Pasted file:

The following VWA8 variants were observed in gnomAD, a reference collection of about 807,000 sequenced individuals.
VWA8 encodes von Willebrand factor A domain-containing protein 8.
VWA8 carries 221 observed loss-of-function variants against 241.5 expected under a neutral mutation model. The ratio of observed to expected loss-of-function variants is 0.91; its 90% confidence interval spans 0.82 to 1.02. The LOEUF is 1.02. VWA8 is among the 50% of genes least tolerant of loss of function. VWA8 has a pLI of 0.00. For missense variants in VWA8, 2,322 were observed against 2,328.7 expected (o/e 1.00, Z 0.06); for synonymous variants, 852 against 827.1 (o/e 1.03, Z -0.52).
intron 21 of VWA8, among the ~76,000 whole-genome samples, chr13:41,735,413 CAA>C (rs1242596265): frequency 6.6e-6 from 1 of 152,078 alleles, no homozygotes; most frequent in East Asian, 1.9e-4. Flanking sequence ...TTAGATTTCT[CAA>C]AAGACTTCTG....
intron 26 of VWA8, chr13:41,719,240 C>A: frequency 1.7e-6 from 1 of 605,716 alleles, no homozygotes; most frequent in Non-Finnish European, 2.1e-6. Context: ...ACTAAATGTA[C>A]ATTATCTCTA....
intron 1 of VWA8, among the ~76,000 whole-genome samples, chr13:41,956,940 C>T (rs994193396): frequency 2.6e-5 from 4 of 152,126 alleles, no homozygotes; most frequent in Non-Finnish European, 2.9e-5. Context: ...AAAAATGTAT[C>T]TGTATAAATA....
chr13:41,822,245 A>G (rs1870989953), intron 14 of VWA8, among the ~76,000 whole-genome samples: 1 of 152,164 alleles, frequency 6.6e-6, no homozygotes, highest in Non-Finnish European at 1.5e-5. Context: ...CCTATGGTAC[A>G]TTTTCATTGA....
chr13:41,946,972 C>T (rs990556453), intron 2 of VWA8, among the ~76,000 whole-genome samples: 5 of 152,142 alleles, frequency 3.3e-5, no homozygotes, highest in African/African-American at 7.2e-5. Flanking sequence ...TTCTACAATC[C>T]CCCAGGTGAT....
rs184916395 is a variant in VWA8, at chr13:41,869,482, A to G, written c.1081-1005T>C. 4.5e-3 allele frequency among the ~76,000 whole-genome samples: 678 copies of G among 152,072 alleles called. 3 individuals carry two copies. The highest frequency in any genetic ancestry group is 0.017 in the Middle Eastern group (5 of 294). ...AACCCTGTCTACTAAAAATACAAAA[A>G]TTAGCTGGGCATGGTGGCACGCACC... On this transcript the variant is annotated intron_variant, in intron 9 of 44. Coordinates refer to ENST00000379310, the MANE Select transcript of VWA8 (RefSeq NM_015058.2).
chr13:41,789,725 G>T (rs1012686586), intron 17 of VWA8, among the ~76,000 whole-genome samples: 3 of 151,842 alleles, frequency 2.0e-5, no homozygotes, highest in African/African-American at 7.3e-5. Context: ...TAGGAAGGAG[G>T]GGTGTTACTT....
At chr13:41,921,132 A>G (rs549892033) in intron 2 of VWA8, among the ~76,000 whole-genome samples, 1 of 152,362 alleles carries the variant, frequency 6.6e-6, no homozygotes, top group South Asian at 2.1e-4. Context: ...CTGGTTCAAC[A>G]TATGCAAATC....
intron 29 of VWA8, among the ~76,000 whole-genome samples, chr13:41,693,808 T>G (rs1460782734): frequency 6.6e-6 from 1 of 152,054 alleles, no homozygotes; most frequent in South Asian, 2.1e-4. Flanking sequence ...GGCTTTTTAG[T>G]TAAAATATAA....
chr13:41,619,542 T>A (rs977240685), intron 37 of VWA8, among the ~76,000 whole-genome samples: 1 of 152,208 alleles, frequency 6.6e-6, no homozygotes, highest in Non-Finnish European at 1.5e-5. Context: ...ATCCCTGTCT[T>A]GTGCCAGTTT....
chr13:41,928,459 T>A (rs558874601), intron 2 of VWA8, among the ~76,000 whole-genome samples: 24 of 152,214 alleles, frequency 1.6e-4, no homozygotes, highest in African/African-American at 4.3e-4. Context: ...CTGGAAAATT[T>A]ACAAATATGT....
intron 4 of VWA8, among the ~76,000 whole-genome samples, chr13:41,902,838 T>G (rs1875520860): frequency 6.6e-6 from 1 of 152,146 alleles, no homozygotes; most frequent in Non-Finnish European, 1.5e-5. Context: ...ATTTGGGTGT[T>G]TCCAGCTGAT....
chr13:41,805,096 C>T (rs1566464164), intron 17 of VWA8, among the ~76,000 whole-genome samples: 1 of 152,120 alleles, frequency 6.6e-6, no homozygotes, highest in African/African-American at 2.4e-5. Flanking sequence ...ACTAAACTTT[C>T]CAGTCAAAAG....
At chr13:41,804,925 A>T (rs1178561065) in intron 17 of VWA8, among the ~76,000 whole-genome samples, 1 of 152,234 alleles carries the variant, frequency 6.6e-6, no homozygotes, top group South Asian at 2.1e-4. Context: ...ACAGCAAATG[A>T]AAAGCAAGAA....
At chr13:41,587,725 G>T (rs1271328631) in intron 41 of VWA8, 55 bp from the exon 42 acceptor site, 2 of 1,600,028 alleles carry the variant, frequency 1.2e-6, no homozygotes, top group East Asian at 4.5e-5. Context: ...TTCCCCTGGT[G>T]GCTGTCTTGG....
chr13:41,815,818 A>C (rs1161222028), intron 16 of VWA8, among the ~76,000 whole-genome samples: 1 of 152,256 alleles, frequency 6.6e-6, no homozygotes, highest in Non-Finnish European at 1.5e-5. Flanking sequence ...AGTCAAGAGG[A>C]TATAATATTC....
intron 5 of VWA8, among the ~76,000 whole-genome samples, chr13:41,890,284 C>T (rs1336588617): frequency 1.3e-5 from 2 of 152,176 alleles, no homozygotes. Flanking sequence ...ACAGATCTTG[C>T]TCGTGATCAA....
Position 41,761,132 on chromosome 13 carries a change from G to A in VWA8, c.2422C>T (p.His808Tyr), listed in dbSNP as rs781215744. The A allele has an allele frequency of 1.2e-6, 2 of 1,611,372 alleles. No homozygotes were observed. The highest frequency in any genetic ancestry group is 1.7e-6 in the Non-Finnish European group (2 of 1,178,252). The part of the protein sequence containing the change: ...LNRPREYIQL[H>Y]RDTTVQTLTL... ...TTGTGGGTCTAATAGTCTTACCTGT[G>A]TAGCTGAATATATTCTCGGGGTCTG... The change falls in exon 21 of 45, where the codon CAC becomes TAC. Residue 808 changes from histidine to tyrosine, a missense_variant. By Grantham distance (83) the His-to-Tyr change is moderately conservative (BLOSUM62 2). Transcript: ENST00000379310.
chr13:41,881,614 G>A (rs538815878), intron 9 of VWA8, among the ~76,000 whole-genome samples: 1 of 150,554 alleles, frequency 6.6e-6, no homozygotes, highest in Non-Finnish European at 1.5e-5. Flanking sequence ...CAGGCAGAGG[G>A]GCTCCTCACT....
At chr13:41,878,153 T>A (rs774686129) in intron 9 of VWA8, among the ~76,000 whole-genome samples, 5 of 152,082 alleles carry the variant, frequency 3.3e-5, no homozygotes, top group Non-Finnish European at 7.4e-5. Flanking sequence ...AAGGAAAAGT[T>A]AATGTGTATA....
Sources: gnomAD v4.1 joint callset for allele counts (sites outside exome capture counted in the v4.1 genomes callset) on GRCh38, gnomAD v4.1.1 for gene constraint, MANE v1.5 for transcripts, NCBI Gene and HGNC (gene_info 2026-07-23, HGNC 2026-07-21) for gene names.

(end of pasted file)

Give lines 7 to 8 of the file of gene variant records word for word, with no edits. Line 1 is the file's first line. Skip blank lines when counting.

chr13:41,822,245 A>G (rs1870989953), intron 14 of VWA8, among the ~76,000 whole-genome samples: 1 of 152,164 alleles, frequency 6.6e-6, no homozygotes, highest in Non-Finnish European at 1.5e-5. Context: ...CCTATGGTAC[A>G]TTTTCATTGA....
chr13:41,946,972 C>T (rs990556453), intron 2 of VWA8, among the ~76,000 whole-genome samples: 5 of 152,142 alleles, frequency 3.3e-5, no homozygotes, highest in African/African-American at 7.2e-5. Flanking sequence ...TTCTACAATC[C>T]CCCAGGTGAT....